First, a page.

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Krill Oil vs Fish Oil: New Scientific Evidence

written by Vin Kutty

comments 29 comments

krill oil vs fish oil

krill oil vs fish oil
In a previous blog, I discussed the cost and benefits of Krill oil vs Fish Oil.

The message was: Krill oil is definitely better than fish oil, but only a little bit.

An unpublished study presented by Neptune Krill Oil (NKO) in 2009 showed that Krill oil was about 30 to 40% better at getting Omega-3 incorporated into your body.

A New Clinical Study: Same Results

Krill oil vs Fish Oil - new scientific evidence
Now, a new study was just published by Aker BioMarine, the makers of Superba krill oil. The study titled Metabolic Effects of Krill Oil are Essentially Similar to Those of Fish Oil but at Lower Dose of EPA and DHA, in Healthy Volunteers was published in the Nov. 2010 issue of Lipids Journal.

See first page of study here.

In this paper, we once again, get confirmation that krill oil is better than fish oil. But again, only by a little bit.

Here is the result in a nutshell:

The health benefits of 1000 mg of fish oil Omega-3 can be had with about 650 mg of Krill oil Omega-3.

In other words, Krill oil is 1.5X better than Fish Oil.

Practical Example: MegaRed Krill Oil has 90 mg of Omega-3 from Superba Krill Oil. Based on this new research, you will need 7 to 8 MegaRed pills to equal 1000 mg of Omega-3 from fish oil.
krill oil vs fish oil

At $0.49 per pill, that’s $3.92 per day (Walgreens price).

Patients in this study took the equivalent of 7 MegaRed pills a day, and yet, there was no reduction in triglycerides or cholesterol.

MegaRed packaging and marketing materials suggest a dosage of just one small pill per day.

Krill Oil vs Fish Oil: Study Conclusions

  1. There is no difference in how much Omega-3 is absorbed into your body
  2. No difference in markers of oxidative stress (F2-isoprostane)*
  3. No difference in C-reactive protein*

Krill Oil’s Little Surprise!

For the most part, this paper says that krill oil is better than fish oil.

But there was a nasty little surprise hidden in there!

Unlike fish oil, Krill oil increases the level of Arachidonic acid (AA) in your body.


AA is a nasty little Omega-6 that causes a lot of health problems if its levels are too high.

Dr. Barry Sears calls AA “possibly the most dangerous fat known.”

Your body needs tiny little amounts of AA, but get a little more than you need…and you have the perfect ingredient to create poor health.


If you’re perfectly healthy, a little bit of AA won’t hurt you, but if you have any inflammatory disease, even a little extra AA will make your life miserable.

Bottom-line – Krill oil vs Fish oil:

Based on this study (read the study here),

  • Krill oil is still better than fish oil.
  • Krill oil is 1.5X times better than fish oil.
  • Krill oil may increase Arachidonic Acid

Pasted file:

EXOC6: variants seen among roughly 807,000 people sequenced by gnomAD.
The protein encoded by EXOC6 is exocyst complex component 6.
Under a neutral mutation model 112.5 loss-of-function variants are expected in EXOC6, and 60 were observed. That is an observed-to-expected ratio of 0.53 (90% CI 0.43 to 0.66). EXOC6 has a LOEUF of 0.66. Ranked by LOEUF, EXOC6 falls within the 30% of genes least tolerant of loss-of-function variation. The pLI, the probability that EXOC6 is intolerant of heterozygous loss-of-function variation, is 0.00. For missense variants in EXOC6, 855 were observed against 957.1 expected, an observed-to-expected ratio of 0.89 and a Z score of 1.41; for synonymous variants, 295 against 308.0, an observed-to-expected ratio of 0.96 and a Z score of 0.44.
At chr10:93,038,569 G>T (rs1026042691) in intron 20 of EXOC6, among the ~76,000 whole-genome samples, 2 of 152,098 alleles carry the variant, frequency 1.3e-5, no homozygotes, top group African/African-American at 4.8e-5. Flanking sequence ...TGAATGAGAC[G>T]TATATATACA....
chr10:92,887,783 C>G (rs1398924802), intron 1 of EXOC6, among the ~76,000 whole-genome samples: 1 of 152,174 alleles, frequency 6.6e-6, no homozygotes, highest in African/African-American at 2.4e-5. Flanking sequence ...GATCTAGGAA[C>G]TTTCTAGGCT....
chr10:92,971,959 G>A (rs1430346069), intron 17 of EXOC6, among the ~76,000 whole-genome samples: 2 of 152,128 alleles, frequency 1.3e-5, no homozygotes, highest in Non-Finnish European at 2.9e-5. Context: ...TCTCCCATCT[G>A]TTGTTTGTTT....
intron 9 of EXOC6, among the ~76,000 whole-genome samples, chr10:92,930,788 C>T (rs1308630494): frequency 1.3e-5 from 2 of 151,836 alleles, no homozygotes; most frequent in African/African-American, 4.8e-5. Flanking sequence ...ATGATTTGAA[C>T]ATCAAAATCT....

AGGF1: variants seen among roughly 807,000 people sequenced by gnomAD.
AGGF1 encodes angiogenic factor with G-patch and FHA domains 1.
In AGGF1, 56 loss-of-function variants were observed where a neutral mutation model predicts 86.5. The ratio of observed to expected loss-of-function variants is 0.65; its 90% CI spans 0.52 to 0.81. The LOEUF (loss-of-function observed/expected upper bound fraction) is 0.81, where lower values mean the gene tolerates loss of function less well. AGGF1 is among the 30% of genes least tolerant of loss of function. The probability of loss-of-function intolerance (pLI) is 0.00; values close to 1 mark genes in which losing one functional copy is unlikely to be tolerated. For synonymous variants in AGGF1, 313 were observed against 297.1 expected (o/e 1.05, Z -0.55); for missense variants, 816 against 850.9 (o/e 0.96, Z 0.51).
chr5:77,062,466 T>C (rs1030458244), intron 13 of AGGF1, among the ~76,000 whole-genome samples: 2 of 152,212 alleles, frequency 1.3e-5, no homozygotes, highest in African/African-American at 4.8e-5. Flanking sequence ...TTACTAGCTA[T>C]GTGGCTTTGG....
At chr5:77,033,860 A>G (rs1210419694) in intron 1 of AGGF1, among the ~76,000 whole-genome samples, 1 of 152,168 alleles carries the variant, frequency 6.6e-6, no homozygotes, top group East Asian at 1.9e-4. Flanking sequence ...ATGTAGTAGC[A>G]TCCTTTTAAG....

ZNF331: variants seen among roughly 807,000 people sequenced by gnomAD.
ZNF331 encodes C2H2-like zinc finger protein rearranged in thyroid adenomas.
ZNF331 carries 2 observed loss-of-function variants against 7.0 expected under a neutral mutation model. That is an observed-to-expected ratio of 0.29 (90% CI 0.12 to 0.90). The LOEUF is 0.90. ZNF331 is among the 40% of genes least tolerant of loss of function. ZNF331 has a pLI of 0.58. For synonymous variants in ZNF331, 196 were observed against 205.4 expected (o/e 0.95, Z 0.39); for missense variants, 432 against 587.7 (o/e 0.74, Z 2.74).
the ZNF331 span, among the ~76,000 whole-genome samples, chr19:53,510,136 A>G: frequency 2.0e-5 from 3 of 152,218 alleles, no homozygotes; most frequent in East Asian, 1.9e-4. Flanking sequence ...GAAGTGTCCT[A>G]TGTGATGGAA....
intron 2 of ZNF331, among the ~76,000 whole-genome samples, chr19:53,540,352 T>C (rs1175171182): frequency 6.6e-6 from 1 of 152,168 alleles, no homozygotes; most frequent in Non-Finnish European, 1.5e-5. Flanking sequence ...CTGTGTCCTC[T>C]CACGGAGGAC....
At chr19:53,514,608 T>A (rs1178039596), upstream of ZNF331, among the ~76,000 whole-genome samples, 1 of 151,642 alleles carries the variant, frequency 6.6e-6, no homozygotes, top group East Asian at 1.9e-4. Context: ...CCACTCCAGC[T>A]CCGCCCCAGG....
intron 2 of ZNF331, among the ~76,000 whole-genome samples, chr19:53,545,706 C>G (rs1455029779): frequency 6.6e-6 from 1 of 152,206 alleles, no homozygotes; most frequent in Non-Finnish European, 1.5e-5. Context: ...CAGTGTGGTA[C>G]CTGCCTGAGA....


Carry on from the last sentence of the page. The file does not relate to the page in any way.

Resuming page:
• There is no difference between Krill oil and Fish oil when it comes to other health markers.

But Krill oil is 10X more expensive than fish oil (on an Omega-3 basis.)

Why consumers continue to buy and pay 10X more for a product that provides only 1.5X more benefit will continue to astound me.

The authors of the study did not do this, but I suspect that if they had compared Krill oil vs Fish Oil in EHTYL ESTER form, Krill may have performed even better. Possibly 2X better? But still, in my opinion, 2X better does not justify a 10X premium in price.


“Thou shalt not piggyback flax on omega-3 DHA and EPA fish oil science. Same to you, krill.”

– Todd Runestad, The 10 Commandments of Ingredient Sourcing, in Functional Ingredients magazine.


So the last word on Krill oil is far from written.


* These statements have not been evaluated by the Food and Drug Administration. This product is not intended to diagnose, treat, cure, or prevent any disease.


Join the conversation

  1. I have used Krill oil and its much better than fish oil. The krill is a small shrimp-like marine crustacean. There are 85 types of krill present in the world’s ocean, the most abundant is the Antarctic Krill (Euphasia Superba). Krill oil Professional, this unique product is formulated using only Krill Oil that has earned Consumer Lab Quality Seal of Approval for purity, potency and freshness.

  2. How does krill oil increase Arachidonic acid levels more than fish oil when krill contains astixanthin and fish doesn’t? Also, How is there no difference in triglycerides between fish oil and krill oil when fish is a triglyceride and krill is a phospholipid? Something doesn’t add up here…

    • Hi John – the study is not very clear about how and why it increases Arachidonic acid (AA). It’s puzzling to me too. But to put things in perspective, the amount of Arachidonic Acid increase is very minor. Eating serving of french fries cooked with corn oil probably increases AA a lot more. Having said that, Astaxanthin has NOTHING to do with AA. AA is a by-product of the eicosanoid pathway – it comes from Omega-6 metabolism. There is no connection with astaxanthin.

      The fact that the molecular structure of fish oil is often in the triglyceride form (3 fatty acids connected to a glycerol backbone) has nothing to do with the clearance of triglycerides in the blood. They are two separate issues – molecular structure versus metabolic effect.
      – Vin

  3. I have found no evidence online that krill oil increases arachidonic acid. Can you supply a link? The only reason that might happen is the presence of a polyunsaturated oil in the capsule which used to be the case. There are no carrier oils in NKO at the present time. Otherwise, I’d suspect the study of being flawed. Thanks very much.